Channel 5 To Air Presentation On Hydraulic Fracturing

“Unconventional Gas Development from Shale: Four Myths” was the topic of a presentation by Dr. Anthony Ingraffea in Portland on Feb. 26. Professor Ingraffea is a shale expert and engineering professor at Cornell University. Part one of his two-hour talk will be aired on Access Channel 5, beginning Saturday and running through Friday, March 15 at 3 p.m. and 9 p.m.

Ingraffea spoke at Cornell University’s Lake Erie Research and Extension Laboratory about “high-volume hydraulic fracturing” that could come to Chautauqua County when New York state completes its EPA health review mandated by Gov. Andrew Cuomo.

Ingraffea is co-author of “Methane and Greenhouse-Gas Footprint of Natural Gas From Shale Formations” which established that “the greenhouse footprint of fracing is greater than that of any other fossile fuel including coal.”

Natural gas drilling is hardly new to Western New York, as Ingraffea pointed out, but the hydrofracturing technology used to exploit the Marcellus and Ithaca shale is new (within the past six to 10 years) and untested. “We haven’t had sufficient time to determine the cost and impact.”

In his talk, Ingraffea explored four myths about fracking. No. 1: ‘Fracking is a 60-year-old practice and uses well-proven technology.’ The implication of this statement, the professor explained, is that nothing goes wrong. But technologies such as directional drilling, high-volume frack fluid, slickwater, and multi-well pads for cluster-drilling are still in the experimental stage.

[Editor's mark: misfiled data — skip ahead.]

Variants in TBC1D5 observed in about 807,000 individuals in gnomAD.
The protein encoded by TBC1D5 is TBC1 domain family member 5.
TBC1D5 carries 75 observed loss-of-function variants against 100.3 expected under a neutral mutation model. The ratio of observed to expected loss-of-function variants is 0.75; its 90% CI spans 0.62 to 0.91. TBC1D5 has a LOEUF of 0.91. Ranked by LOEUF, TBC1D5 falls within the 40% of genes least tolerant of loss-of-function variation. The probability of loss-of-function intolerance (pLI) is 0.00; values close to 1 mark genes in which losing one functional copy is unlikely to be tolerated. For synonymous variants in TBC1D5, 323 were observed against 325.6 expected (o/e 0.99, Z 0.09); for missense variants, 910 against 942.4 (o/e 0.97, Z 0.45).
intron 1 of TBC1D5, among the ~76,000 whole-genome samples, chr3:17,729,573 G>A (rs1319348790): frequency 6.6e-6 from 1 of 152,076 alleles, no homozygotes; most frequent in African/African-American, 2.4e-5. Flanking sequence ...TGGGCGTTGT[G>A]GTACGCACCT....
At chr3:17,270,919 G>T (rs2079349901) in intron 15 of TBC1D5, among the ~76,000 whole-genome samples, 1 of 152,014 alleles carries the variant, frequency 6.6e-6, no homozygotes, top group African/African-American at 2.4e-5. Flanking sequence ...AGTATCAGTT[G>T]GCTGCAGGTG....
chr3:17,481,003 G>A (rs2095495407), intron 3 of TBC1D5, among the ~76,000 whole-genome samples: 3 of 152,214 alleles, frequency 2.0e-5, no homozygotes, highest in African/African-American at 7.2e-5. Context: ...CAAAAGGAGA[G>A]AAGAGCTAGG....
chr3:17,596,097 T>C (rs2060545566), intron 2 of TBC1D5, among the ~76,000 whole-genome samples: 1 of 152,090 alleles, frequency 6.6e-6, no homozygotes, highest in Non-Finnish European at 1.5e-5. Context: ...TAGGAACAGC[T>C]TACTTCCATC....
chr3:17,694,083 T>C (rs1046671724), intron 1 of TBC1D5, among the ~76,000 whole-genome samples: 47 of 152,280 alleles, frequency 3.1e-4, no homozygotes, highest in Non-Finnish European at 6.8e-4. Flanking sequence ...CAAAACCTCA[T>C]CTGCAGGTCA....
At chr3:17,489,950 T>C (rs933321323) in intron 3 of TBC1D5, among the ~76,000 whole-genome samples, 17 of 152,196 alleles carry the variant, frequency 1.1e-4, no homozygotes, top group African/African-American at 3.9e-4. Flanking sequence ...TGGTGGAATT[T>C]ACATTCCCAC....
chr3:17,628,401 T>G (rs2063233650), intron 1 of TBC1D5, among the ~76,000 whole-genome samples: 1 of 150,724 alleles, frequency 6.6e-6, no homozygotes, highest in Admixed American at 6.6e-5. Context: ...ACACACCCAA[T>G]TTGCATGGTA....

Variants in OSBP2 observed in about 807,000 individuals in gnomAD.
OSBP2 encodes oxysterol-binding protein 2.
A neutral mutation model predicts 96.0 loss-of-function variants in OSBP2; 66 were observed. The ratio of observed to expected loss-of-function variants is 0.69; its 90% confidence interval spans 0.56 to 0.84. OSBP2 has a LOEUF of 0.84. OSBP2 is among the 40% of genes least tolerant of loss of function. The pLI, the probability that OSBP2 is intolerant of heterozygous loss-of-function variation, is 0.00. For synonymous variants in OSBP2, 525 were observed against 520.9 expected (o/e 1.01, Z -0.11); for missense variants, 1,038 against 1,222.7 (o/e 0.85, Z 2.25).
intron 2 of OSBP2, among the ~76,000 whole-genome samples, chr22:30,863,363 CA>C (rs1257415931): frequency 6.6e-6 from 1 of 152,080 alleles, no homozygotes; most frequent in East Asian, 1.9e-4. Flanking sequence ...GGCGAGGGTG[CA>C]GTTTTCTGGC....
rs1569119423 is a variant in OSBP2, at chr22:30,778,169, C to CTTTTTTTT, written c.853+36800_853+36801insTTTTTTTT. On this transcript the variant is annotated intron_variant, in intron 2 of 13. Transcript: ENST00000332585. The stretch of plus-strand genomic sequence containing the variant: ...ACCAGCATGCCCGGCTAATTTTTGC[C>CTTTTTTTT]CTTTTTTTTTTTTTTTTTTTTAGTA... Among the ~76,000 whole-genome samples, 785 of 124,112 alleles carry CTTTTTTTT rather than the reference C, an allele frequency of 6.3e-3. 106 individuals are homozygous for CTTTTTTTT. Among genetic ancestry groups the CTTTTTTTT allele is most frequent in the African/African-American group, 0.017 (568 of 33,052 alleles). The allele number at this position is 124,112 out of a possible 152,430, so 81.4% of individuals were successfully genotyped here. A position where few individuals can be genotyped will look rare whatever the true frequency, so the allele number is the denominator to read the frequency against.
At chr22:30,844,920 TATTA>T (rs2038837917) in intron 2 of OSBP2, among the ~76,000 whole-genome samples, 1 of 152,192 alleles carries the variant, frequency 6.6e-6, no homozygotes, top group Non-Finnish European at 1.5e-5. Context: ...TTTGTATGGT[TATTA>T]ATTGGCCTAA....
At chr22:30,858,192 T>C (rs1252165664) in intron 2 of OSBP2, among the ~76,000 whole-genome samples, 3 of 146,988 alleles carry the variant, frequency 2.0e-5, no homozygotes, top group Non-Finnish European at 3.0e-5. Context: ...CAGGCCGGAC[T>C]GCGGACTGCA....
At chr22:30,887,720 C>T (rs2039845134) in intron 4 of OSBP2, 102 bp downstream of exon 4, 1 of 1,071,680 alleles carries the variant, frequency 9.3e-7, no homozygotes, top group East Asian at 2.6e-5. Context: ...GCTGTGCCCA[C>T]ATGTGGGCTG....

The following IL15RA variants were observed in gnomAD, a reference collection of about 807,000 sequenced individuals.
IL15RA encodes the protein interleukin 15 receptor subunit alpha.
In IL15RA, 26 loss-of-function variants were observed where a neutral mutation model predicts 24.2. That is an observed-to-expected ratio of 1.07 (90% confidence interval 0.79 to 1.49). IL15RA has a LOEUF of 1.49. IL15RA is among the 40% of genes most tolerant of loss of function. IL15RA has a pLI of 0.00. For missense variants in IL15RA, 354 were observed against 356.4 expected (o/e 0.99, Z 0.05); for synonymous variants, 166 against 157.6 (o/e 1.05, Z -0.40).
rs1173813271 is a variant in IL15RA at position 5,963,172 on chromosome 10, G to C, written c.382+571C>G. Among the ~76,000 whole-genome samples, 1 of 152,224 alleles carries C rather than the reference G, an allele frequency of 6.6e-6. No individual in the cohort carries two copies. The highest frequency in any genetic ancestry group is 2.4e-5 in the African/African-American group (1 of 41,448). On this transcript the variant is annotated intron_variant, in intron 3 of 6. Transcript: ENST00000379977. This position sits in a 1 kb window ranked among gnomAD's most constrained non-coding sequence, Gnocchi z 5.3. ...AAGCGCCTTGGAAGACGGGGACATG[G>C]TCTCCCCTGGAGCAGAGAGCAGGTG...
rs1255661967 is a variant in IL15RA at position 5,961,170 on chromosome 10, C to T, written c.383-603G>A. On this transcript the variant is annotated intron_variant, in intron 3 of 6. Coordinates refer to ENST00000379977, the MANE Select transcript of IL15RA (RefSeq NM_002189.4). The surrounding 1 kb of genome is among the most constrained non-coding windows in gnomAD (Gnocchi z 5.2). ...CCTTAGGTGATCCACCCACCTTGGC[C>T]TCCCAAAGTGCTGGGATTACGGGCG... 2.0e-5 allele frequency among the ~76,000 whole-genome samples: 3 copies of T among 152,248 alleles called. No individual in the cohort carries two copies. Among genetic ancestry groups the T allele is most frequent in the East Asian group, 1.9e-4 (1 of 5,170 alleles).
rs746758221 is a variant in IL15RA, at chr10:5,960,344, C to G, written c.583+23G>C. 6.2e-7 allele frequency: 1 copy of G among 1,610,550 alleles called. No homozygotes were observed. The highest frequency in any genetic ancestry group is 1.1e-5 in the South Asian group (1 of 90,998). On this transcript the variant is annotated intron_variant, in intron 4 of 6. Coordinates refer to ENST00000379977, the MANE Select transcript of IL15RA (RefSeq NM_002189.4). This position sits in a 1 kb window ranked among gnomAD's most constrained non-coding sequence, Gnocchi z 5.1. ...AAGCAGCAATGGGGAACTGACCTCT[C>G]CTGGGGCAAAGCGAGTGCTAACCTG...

Myth number two Ingraffea addressed was that multi-well pad and cluster drilling reduces surface impact. The professor showed slides and film from his extensive documentation of ecological damage to air and water – particularly in nearby Pennsylvania. Pads designed for cluster drilling in New York State are typically a rectangular shape of 240 acres.

In part two of his talk (to be aired subsequently by Channel 5), Ingraffea addressed the problem of fluid migration from faulty wells, a problem many Pennsylvanian’s have discovered is far too common, leaving them with methane-polluted water. The last myth the professor discussed was the notion that natural gas (methane, CH4) is a clean fossil fuel. Drilling, processing, transporting and burning remains one of the greatest greenhouse gas pollutants – a hundred times more polluting than carbon dioxide..

While Western New York does not have extensive Marcellus shale, it does have the lucrative Ithaca shale more than a mile beneath the surface. Ithaca shale is being exploited using high-volume hydraulic fracturing in nearby Ohio, and elsewhere.

The event was sponsored by the Chautauqua Watershed Conservancy, the SUNY Fredonia Academic Community Engagement Center, and the Environmental Justice Ministry of the Unitarian Church. It was filmed and edited by Snowshoefilms.

Access Channel 5 is available to cable viewers in the Mayville, Westfield, Chautauqua, North Harmony, Sherman, Ripley, and Portland area.